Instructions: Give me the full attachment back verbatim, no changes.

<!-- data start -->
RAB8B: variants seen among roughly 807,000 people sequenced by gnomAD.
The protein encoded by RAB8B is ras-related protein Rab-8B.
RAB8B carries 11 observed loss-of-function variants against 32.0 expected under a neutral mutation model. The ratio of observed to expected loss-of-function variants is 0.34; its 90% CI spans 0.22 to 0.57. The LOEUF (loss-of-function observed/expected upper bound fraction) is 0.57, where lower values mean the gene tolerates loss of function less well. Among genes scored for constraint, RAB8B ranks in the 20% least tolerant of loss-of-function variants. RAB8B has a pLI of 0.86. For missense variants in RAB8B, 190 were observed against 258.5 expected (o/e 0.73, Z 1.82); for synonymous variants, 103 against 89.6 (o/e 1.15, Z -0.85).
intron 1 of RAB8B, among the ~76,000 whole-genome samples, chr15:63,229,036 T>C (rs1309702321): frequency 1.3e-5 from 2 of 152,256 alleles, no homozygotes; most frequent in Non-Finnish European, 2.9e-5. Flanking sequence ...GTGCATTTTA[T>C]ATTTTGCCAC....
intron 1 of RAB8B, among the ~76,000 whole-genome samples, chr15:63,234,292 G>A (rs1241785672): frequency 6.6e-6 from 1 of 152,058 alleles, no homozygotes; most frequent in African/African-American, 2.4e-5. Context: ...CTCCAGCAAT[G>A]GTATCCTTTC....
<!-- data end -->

RAB8B: variants seen among roughly 807,000 people sequenced by gnomAD.
The protein encoded by RAB8B is ras-related protein Rab-8B.
RAB8B carries 11 observed loss-of-function variants against 32.0 expected under a neutral mutation model. The ratio of observed to expected loss-of-function variants is 0.34; its 90% CI spans 0.22 to 0.57. The LOEUF (loss-of-function observed/expected upper bound fraction) is 0.57, where lower values mean the gene tolerates loss of function less well. Among genes scored for constraint, RAB8B ranks in the 20% least tolerant of loss-of-function variants. RAB8B has a pLI of 0.86. For missense variants in RAB8B, 190 were observed against 258.5 expected (o/e 0.73, Z 1.82); for synonymous variants, 103 against 89.6 (o/e 1.15, Z -0.85).
intron 1 of RAB8B, among the ~76,000 whole-genome samples, chr15:63,229,036 T>C (rs1309702321): frequency 1.3e-5 from 2 of 152,256 alleles, no homozygotes; most frequent in Non-Finnish European, 2.9e-5. Flanking sequence ...GTGCATTTTA[T>C]ATTTTGCCAC....
intron 1 of RAB8B, among the ~76,000 whole-genome samples, chr15:63,234,292 G>A (rs1241785672): frequency 6.6e-6 from 1 of 152,058 alleles, no homozygotes; most frequent in African/African-American, 2.4e-5. Context: ...CTCCAGCAAT[G>A]GTATCCTTTC....